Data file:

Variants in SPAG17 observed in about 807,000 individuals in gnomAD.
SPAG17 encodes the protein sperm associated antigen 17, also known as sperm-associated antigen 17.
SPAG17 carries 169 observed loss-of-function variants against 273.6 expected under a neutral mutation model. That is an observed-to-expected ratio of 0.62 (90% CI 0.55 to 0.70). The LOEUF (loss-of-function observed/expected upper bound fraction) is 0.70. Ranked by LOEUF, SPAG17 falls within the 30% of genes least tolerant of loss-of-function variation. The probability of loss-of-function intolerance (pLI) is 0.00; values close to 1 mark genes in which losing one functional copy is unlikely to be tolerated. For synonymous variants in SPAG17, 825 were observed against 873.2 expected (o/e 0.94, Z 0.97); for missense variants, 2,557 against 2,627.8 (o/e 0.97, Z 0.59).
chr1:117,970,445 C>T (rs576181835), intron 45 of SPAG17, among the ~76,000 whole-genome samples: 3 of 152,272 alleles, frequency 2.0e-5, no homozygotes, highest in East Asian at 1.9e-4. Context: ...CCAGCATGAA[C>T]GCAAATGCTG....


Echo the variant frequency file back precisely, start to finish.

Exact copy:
Variants in SPAG17 observed in about 807,000 individuals in gnomAD.
SPAG17 encodes the protein sperm associated antigen 17, also known as sperm-associated antigen 17.
SPAG17 carries 169 observed loss-of-function variants against 273.6 expected under a neutral mutation model. That is an observed-to-expected ratio of 0.62 (90% CI 0.55 to 0.70). The LOEUF (loss-of-function observed/expected upper bound fraction) is 0.70. Ranked by LOEUF, SPAG17 falls within the 30% of genes least tolerant of loss-of-function variation. The probability of loss-of-function intolerance (pLI) is 0.00; values close to 1 mark genes in which losing one functional copy is unlikely to be tolerated. For synonymous variants in SPAG17, 825 were observed against 873.2 expected (o/e 0.94, Z 0.97); for missense variants, 2,557 against 2,627.8 (o/e 0.97, Z 0.59).
chr1:117,970,445 C>T (rs576181835), intron 45 of SPAG17, among the ~76,000 whole-genome samples: 3 of 152,272 alleles, frequency 2.0e-5, no homozygotes, highest in East Asian at 1.9e-4. Context: ...CCAGCATGAA[C>T]GCAAATGCTG....